While it’s true Pacific salmon are critically important to the economy of the Northwest, to talk only of their economic importance ignores a greater truth. Salmon are the backbone of what we in the Northwest hold dear: our culture, our environment, and our communities.

Today, in waters once supporting abundant populations, four native salmonid species in the sound are listed as threatened under the Endangered Species Act: Chinook salmon, summer chum salmon, steelhead trout, and bull trout. Their decline cannot be attributed to any one cause, but rather an accumulation of detrimental human activities including habitat degradation, hatchery impacts, dams, and overharvest from non-selective commercial fishing practices. Sustainable Path’s grant will support Wild Fish Conservancy (WCF) works to mitigate the negative effects of the latter by expanding the use of sustainable, selective commercial fishing practices in Puget Sound.  

Since 2015, WFC has worked in partnership with Lummi Island Wild, a collaboratively owned reef net fishery based on Lummi Island, to advocate for the adoption of reef nets as stock-selective gears. This collaboration has resulted in the expansion and promotion of a sustainable model for regional commercial fisheries. Using fishing methods pioneered centuries ago by the Lummi and Saanich Nations, the non-native members of Lummi Island Wild are re-purposing a traditional salmon harvesting method known as reef netting. Reef nets are capable of releasing ESA-listed salmon back into the wild with the lowest mortality and bycatch rates of any fishing gear. WFC has helped the Lummi Island fishers expand and succeed in harmony with the surrounding ecosystem and tribal communities.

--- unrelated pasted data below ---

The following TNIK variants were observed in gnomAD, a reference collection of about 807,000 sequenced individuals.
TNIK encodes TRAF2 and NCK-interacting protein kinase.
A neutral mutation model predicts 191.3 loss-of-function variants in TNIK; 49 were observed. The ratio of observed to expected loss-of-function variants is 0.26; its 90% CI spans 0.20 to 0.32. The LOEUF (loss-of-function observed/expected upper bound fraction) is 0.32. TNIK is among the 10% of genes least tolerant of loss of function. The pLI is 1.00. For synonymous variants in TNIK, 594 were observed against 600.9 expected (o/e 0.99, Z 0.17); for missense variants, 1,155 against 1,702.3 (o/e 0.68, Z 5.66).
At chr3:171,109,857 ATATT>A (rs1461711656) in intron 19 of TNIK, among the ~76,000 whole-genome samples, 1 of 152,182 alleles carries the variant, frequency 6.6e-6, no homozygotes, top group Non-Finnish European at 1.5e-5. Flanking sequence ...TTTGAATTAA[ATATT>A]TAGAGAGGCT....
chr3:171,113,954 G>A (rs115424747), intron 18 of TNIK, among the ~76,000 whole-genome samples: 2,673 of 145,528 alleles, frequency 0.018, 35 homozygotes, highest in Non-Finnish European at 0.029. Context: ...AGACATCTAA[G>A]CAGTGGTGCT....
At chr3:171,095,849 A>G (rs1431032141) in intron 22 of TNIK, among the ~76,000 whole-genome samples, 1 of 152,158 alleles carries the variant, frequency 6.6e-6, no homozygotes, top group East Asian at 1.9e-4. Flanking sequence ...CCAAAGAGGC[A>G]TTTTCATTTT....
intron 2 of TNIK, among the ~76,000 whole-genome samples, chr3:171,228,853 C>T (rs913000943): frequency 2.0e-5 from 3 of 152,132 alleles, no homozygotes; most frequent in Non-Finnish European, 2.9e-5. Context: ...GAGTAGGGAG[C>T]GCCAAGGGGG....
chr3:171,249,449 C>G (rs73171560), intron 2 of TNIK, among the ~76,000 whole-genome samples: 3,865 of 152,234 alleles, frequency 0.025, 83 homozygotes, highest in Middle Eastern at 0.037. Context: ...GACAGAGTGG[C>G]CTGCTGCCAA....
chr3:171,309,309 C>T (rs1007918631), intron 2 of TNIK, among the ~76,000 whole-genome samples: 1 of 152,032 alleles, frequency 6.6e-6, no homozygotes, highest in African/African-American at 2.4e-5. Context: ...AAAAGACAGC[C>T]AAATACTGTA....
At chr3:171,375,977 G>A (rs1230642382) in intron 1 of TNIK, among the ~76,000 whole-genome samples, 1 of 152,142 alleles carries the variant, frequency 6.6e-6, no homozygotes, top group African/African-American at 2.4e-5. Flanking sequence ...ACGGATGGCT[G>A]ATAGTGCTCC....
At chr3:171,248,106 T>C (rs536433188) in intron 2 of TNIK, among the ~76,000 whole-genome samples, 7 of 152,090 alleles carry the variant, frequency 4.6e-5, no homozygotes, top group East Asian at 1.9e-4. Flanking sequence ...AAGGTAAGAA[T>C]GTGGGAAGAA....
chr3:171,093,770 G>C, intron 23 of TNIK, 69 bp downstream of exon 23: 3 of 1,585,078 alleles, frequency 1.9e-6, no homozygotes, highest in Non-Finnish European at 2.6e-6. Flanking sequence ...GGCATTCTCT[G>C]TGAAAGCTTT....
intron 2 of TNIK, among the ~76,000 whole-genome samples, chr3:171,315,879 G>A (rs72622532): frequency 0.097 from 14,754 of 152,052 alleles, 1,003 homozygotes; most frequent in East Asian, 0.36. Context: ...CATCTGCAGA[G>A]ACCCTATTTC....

Sustainable Path’s grant will support WFC’s work assisting local fishermen in their transition from gillnets to reef nets. WFC is working with engineers to refine the efficiency of reef nets as stock-selective harvest tools, securing sustainable market certification, and improve the viability of their co-op model.

Impotence: millions of the world men are affected

From their data, American scientists found that about 18 million men between 40 and 70 years of age suffer from erectile dysfunction in the US. Urologists from Los Angeles, USA have transferred this calculation to the local conditions: According to this, four to six million of all men are affected. In order to estimate the frequency of potency problems in men, scientists had long been dependent on a study from the 1940s. Recent, scientifically acknowledged studies have shown that increasing age and certain chronic diseases increase the risk of becoming impotent. Read more on these pages...